Journal of Minimal Access Surgery

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Year : 2005  |  Volume : 1  |  Issue : 1  |  Page : 34--36

Management of post cholecystectomy Mirizzi's syndrome

Simon Janes1, L Berry2, B Dijkstra1,  
1 Departments of General Surgery, Christchurch Public Hospital, Christchurch, NewZealand
2 Departments of Radiology, Christchurch Public Hospital, Christchurch, NewZealand

Correspondence Address:
Simon Janes
Department of Surgery, Christchurch Public Hospital, Private Bag - 4710, Christchurch


Various strategies have been proposed for the management of retained calculi within the biliary tree following cholecystectomy. We present a unique case of a cystic duct remnant calculus causing Mirizzi syndrome, only the fourth such case of its kind. An open procedure was planned, however the calculus was eventually extracted endoscopically. The pathophysiology and management of Mirizzi syndrome and retained calculi within the cystic duct remnant are discussed along with the merits of a minimally invasive approach.

How to cite this article:
Janes S, Berry L, Dijkstra B. Management of post cholecystectomy Mirizzi's syndrome.J Min Access Surg 2005;1:34-36

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Janes S, Berry L, Dijkstra B. Management of post cholecystectomy Mirizzi's syndrome. J Min Access Surg [serial online] 2005 [cited 2021 Dec 1 ];1:34-36
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The incidence of retained or recurrent calculi in the biliary tree following cholecystectomy is between 1.1% and 7%.[1] Management depends on the location of the calculi within the biliary tree, and retained calculi in the cystic duct remnant are highly unusual. A cystic duct remnant calculus causing Mirizzi's syndrome is exceedingly rare, with only 3 cases reported to date.[2],[3],[4] We present the management of a unique case of a cystic duct remnant calculus causing Mirizzi syndrome, only the fourth such case of its kind.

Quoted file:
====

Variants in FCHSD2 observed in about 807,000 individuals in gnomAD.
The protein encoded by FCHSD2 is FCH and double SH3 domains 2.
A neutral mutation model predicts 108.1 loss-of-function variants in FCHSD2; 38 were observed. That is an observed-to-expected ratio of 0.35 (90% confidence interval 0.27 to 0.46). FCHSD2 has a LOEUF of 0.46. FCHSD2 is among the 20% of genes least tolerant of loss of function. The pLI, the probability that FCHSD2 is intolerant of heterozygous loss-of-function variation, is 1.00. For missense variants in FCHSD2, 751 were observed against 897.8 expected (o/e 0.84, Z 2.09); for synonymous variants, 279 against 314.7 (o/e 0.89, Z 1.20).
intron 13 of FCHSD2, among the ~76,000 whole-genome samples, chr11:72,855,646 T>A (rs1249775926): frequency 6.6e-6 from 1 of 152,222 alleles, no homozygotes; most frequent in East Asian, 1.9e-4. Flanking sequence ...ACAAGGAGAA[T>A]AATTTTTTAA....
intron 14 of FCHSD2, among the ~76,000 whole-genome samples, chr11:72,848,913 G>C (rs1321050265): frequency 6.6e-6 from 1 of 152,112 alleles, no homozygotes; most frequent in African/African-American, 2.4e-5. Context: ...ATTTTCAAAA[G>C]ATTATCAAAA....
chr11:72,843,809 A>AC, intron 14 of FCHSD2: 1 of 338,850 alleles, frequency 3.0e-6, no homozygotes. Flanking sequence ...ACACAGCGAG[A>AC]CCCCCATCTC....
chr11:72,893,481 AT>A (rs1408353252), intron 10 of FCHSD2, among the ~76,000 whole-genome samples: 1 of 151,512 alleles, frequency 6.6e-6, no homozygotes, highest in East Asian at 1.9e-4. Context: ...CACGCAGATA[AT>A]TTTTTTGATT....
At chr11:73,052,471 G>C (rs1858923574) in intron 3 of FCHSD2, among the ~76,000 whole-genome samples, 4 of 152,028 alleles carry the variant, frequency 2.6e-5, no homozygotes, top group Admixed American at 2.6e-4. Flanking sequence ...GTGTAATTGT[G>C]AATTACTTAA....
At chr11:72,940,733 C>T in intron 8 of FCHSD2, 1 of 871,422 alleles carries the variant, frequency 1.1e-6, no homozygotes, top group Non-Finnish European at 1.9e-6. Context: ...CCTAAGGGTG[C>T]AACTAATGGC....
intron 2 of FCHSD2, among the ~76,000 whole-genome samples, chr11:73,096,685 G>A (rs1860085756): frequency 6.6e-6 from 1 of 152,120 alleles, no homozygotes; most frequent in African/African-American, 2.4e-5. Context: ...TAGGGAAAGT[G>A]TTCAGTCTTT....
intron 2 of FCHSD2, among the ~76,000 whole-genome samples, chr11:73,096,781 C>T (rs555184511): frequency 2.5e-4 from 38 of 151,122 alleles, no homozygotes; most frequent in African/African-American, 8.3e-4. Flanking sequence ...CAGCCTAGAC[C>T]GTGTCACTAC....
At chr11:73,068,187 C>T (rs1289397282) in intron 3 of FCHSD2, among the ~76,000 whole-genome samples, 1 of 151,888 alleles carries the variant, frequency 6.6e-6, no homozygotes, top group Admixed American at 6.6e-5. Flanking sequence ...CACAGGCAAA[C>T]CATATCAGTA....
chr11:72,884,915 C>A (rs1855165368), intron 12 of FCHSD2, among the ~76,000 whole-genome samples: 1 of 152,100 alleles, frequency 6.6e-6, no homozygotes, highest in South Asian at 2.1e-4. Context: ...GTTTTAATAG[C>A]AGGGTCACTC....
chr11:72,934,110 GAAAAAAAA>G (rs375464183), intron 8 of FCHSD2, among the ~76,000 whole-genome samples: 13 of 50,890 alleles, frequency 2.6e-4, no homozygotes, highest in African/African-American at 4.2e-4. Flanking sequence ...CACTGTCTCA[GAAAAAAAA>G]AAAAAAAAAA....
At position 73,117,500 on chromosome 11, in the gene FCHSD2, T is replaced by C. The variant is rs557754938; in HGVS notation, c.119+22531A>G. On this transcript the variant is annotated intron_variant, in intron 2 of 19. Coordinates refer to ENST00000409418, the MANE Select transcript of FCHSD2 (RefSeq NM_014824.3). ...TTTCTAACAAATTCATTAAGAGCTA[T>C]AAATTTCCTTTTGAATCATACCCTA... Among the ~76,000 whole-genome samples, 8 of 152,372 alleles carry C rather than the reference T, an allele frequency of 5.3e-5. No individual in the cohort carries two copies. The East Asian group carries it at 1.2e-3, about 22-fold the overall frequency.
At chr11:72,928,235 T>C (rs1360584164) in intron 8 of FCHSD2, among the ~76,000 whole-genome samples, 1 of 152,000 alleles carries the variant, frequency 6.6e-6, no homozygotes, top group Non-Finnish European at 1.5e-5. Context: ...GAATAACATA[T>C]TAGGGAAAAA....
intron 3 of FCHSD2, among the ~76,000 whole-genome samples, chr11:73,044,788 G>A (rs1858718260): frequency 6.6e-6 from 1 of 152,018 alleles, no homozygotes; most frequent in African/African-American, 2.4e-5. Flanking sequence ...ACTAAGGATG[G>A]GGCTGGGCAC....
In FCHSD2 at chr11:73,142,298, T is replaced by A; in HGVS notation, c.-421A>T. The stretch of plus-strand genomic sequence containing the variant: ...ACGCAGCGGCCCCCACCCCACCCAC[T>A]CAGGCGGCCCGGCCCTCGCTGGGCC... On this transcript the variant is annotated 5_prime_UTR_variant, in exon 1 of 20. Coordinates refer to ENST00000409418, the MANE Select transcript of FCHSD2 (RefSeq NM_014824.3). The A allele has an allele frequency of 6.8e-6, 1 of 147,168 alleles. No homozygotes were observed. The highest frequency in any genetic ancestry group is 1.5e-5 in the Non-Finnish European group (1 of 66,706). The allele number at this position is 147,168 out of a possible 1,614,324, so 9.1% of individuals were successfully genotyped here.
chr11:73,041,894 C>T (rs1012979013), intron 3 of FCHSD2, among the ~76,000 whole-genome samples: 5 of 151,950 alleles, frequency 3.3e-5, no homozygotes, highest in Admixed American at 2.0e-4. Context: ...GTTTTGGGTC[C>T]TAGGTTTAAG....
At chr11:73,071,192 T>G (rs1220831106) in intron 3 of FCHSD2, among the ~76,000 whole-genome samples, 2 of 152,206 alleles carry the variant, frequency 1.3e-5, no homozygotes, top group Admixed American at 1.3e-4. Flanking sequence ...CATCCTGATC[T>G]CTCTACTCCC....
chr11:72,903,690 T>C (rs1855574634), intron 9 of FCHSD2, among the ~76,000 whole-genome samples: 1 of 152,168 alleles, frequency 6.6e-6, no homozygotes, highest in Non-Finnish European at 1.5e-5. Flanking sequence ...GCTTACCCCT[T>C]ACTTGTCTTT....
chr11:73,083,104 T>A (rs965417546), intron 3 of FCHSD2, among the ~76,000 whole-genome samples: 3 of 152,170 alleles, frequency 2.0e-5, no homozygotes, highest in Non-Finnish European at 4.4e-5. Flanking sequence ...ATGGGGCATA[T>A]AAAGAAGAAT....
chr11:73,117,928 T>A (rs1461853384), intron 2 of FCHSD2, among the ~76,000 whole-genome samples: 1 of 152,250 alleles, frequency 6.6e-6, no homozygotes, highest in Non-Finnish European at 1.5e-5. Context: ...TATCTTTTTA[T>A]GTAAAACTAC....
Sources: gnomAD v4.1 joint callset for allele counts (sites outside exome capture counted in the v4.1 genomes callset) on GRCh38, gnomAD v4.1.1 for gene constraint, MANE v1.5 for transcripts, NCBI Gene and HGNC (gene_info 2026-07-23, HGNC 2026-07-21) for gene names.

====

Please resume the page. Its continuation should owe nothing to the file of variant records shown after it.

A 36-year-old woman presented with a two-day history of epigastric pain, nausea and vomiting. One year previously she underwent laparoscopic cholecystectomy for recurrent biliary pain. Gall bladder histology demonstrated chronic inflammatory changes and fragmented gallstones, but no complete calculi.

Physical examination revealed she was afebrile but tender in the epigastrium, with no palpable masses. Liver function tests (LFTs) showed normal bilirubin and albumin, however liver enzymes were deranged (normal ranges): alkaline phosphatase 125 iU/L (30-120 iU/L), gamma glutamyl-transpeptidase (GGT) 138 iU/L (10-35 iU/L) and alanine aminotransferase (ALT) 154 iU/L (0-40 iU/L). Amylase, urea and electrolytes, full blood count, and coagulation studies were all normal. Magnetic resonance cholangio-pancreatography (MRCP) showed a normal common bile duct (CBD) with no evidence of calculi, however the cystic duct remnant was dilated distal to a round filling defect, suggesting a calculus within the remnant.

Endoscopic retrograde cholangio-pancreatography (ERCP) demonstrated focal narrowing of the proximal CBD. The ducts of the left liver lobe and right upper lobe segments were patent but lower segments of the right lobe did not fill with contrast [Figure:1]. Comparing the MRCP and ERCP suggested that the right lower lobe segments drained into the cystic duct remnant (an aberrant cholecystohepatic duct), which was occluded by a calculus compressing the CBD.